Concealed Carry

Now we enter that murky area of compromise. A concealed carry handgun should be every thing that a home defense gun should be - only smaller. And yet many carry a full sized pistol daily. How will it be carried? Inside the waist band, outside the waist band, ankle holster, shoulder holster? Comfort matters here, folks. If it is not comfortable, it will not be carried. If you are serious about Concealed Carry, it must become a habit. Or is your home insurance only good on those days you feel inexplicably uneasy? Thinner and lighter is better, but remember those itsy, bitsy guns are a bit more difficult and uncomfortable to shoot. Though many of the new, small guns are engineered more ergonomically. If it is too uncomfortable to shoot, you won’t practice enough to become proficient. If you are not proficient with what you carry, you are not really prepared that for that moment we pray never comes.

Target Practice / Plinking

First time shooter

For the uninitiated, plinking is shooting for the the sheer fun of seeing how many times you can make a pop can jump. More a rifle trick, but try a clothes pin hanging from a string, and if you are feeling cocky, set it to swinging before you shoot! Hours of fun for the whole family.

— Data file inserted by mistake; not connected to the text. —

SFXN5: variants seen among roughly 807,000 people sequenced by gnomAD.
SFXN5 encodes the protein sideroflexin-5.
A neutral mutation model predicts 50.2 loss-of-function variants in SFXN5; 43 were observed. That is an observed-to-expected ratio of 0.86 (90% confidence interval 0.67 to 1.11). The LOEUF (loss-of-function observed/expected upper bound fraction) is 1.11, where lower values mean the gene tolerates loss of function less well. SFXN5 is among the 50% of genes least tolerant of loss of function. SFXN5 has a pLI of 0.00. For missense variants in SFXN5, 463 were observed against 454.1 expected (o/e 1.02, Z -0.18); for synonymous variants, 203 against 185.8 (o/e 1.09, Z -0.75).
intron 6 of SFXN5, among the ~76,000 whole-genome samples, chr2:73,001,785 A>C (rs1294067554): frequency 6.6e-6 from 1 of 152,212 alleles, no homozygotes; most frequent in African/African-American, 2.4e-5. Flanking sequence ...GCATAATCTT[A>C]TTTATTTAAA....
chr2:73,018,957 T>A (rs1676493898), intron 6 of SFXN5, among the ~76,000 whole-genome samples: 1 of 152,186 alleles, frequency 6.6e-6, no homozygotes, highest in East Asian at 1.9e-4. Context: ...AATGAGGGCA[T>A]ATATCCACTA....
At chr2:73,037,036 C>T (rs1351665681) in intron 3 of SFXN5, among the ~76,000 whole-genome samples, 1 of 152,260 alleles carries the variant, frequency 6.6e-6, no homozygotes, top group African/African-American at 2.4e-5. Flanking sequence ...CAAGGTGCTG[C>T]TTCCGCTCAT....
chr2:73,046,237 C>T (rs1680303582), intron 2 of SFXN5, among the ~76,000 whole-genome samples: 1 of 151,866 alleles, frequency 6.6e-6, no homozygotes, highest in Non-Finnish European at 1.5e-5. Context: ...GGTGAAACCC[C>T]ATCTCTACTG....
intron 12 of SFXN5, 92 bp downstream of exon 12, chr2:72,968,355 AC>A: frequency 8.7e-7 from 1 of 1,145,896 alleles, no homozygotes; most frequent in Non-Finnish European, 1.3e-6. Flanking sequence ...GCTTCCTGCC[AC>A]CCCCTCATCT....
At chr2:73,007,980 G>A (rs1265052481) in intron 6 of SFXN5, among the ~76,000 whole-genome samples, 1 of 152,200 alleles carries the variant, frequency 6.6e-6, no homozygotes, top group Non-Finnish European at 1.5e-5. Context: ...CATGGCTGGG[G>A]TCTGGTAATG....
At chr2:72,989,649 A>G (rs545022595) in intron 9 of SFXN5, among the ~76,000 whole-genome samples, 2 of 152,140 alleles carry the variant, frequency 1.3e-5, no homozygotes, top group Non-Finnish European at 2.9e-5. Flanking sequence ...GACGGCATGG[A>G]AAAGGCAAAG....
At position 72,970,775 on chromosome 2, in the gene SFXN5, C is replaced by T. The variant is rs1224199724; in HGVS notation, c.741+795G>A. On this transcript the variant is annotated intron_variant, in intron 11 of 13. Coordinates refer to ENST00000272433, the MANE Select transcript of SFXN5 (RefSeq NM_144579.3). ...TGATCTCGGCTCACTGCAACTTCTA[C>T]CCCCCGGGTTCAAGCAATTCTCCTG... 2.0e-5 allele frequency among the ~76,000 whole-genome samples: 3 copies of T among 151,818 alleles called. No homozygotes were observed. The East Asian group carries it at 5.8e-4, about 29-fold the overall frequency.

The unassuming little .22 rim fire is king of the plinking world, with a number of long barreled, well balanced, revolvers and semis devoted to that purpose. There are some specialized single shots to extend your range. Cheap to shoot, often cheaper to purchase than a center fire arm. Very comfortable as it has little or no recoil.

Others prefer the challenges of the large bore or specialty calibers, often scope equipped, to enable them to really stretch the effective range of a handgun. Larry Vickers, TV host of Tac TV, has made a 250 yard shot at a silhouette target, off hand, with an iron sighted 10mm Glock! But the .454 Casull, and .460 and .500 S & W Magnum are types more typically shot at long distance targets.

Of course, you should plan on doing some target practice with any gun you own in order to develop and maintain your proficiency. A few hours fun can be had with any handgun that’s comfortable to shoot. Amazingly, the more accurate you become, the more fun you'll have! What’s that bumper sticker? "A bad day at the range beats a good day at work!"